FULL TEXT OF THE ITAT ORDER IS AS FOLLOWS:-

This appeal preferred by the assessee is directed against order dated 28/03/2013 passed by the Ld. Commissioner of Income-tax (Appeals)-VIII, New Delhi [ in short ‘the Ld. CIT-(A)’] for assessment year 2009-10 raising following grounds:

1. Because the action for denying the admission of ‘Additional Evidence’………….. to issue in dispute is being challenged on facts & law since defeating the case of substantial justice.

2. Because the action for upholding the addition of Rs.1,15,44,888/- attributable to the difference in the valuation qua the declared amount is being challenged on facts and law.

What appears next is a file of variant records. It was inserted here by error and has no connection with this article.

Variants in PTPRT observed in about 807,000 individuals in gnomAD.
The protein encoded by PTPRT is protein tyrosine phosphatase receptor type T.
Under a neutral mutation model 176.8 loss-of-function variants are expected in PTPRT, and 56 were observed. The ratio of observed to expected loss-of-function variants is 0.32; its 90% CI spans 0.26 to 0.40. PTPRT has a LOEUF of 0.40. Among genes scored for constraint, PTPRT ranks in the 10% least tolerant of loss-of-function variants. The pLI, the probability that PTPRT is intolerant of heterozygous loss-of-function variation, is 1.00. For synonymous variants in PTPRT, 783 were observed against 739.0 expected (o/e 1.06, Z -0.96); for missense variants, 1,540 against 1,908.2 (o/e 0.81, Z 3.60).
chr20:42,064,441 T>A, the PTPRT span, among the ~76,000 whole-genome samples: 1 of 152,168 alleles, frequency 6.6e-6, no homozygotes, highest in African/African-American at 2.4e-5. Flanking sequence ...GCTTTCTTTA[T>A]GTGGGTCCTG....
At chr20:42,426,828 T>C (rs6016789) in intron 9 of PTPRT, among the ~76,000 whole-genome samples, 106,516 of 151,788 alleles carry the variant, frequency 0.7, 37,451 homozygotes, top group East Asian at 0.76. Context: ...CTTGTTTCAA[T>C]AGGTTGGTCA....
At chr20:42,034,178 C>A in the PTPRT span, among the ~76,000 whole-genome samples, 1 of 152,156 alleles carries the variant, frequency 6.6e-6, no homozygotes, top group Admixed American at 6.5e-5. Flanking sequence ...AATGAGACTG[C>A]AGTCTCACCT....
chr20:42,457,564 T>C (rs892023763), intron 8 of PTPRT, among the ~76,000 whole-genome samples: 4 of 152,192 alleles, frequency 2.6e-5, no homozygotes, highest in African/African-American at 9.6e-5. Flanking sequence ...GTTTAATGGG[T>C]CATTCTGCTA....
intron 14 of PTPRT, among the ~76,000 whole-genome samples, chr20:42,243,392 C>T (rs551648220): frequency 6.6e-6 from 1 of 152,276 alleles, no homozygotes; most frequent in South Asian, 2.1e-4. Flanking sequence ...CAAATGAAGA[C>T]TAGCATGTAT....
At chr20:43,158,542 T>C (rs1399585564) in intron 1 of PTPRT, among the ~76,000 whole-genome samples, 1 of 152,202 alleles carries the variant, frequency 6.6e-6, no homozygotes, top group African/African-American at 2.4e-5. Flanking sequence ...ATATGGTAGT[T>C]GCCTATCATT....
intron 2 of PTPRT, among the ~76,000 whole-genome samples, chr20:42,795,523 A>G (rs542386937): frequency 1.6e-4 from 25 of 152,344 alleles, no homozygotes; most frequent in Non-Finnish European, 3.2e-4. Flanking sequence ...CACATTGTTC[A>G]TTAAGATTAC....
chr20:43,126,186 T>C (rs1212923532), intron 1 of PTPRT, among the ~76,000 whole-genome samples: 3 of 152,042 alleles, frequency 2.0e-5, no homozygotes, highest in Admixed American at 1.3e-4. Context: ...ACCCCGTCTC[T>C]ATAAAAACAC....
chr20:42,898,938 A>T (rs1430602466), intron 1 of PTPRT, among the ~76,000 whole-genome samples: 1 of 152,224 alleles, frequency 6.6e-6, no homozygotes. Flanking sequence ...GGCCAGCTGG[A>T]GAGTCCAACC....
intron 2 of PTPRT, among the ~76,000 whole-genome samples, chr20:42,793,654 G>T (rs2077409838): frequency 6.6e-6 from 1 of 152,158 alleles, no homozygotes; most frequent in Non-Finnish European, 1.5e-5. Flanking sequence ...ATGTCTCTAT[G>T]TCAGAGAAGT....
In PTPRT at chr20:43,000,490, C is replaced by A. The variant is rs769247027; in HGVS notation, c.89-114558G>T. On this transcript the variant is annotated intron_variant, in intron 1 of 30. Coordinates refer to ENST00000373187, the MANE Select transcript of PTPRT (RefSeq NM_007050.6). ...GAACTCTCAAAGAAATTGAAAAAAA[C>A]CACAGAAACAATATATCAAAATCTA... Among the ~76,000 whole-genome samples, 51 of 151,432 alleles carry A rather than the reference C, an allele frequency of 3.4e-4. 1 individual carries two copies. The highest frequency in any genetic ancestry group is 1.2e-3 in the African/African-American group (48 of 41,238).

2. Briefly stated facts of the case as culled out by the lower authorities are that in the return of income filed for the year under consideration, the assessee claimed capital loss of Rs.26,28,113/- on sale of property, namely, No. BG-5, Ansal Plaza, HUDCO, New Delhi. In the scrutiny proceedings under section 143(3) of the Income-tax Act, 1961 (in short ‘the Act’), the assessee stated that the said property was purchased on 09/07/2005 for a consideration of Rs.2,44,00,000/- and it was sold for a consideration of Rs.2,50,00,000/- in the year under consideration. The Ld. Assessing Officer referred the matter to the valuation officer under section 55A of the Act for determination of fair market value of the property as on 01/07/2009 (i.e. the date of sale). The Ld. Valuation Officer vide his order dated 27/12/2011 assessed the market value of the property as on 01/07/2009 at Rs.3,91,53,000/- as against Rs.2,50,00,000/- declared by the assessee. The report of the Ld. Valuation Officer was confronted to the assessee. Before the Assessing Officer, the assessee made detailed submission objecting the fair market value adopted for computing the capital gain. In the submission, the assessee also relied on the decision of the Hon’ble Delhi High Court in the case of CIT Vs. Smt. Nilofer I Singh, (2009) 309 ITR 233 ( Delhi). The Assessing Officer did not accept the contention of the assessee on the ground that the assessee did not file any objection before the Ld. Valuation Officer for determination of the fair market value of the property. Accordingly, he computed the capital gain on sale of the property as under: